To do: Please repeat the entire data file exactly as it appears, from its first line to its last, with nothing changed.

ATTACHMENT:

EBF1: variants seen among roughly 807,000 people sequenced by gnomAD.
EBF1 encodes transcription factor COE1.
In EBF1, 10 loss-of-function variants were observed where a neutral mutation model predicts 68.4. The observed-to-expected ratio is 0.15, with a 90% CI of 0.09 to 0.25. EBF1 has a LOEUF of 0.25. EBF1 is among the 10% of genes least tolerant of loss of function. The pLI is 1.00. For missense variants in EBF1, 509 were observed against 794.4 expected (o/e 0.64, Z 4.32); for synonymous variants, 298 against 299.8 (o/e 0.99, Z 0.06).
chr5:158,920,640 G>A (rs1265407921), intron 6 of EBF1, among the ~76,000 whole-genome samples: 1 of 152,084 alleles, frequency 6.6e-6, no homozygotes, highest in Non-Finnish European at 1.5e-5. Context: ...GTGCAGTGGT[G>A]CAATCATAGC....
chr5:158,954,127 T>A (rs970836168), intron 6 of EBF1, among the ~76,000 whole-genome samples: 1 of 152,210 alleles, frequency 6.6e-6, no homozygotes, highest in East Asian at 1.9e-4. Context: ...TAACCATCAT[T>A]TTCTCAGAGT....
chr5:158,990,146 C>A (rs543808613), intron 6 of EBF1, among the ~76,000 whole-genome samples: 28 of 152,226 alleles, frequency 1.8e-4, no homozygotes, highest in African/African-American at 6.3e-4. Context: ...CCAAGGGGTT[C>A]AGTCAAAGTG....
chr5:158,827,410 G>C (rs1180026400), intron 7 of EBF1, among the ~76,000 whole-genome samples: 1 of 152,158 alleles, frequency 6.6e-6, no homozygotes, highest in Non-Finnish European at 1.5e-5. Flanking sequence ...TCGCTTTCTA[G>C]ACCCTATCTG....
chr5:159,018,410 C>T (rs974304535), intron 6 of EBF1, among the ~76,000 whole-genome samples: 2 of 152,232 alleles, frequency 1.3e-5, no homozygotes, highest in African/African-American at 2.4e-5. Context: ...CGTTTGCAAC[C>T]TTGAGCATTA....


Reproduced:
EBF1: variants seen among roughly 807,000 people sequenced by gnomAD.
EBF1 encodes transcription factor COE1.
In EBF1, 10 loss-of-function variants were observed where a neutral mutation model predicts 68.4. The observed-to-expected ratio is 0.15, with a 90% CI of 0.09 to 0.25. EBF1 has a LOEUF of 0.25. EBF1 is among the 10% of genes least tolerant of loss of function. The pLI is 1.00. For missense variants in EBF1, 509 were observed against 794.4 expected (o/e 0.64, Z 4.32); for synonymous variants, 298 against 299.8 (o/e 0.99, Z 0.06).
chr5:158,920,640 G>A (rs1265407921), intron 6 of EBF1, among the ~76,000 whole-genome samples: 1 of 152,084 alleles, frequency 6.6e-6, no homozygotes, highest in Non-Finnish European at 1.5e-5. Context: ...GTGCAGTGGT[G>A]CAATCATAGC....
chr5:158,954,127 T>A (rs970836168), intron 6 of EBF1, among the ~76,000 whole-genome samples: 1 of 152,210 alleles, frequency 6.6e-6, no homozygotes, highest in East Asian at 1.9e-4. Context: ...TAACCATCAT[T>A]TTCTCAGAGT....
chr5:158,990,146 C>A (rs543808613), intron 6 of EBF1, among the ~76,000 whole-genome samples: 28 of 152,226 alleles, frequency 1.8e-4, no homozygotes, highest in African/African-American at 6.3e-4. Context: ...CCAAGGGGTT[C>A]AGTCAAAGTG....
chr5:158,827,410 G>C (rs1180026400), intron 7 of EBF1, among the ~76,000 whole-genome samples: 1 of 152,158 alleles, frequency 6.6e-6, no homozygotes, highest in Non-Finnish European at 1.5e-5. Flanking sequence ...TCGCTTTCTA[G>C]ACCCTATCTG....
chr5:159,018,410 C>T (rs974304535), intron 6 of EBF1, among the ~76,000 whole-genome samples: 2 of 152,232 alleles, frequency 1.3e-5, no homozygotes, highest in African/African-American at 2.4e-5. Context: ...CGTTTGCAAC[C>T]TTGAGCATTA....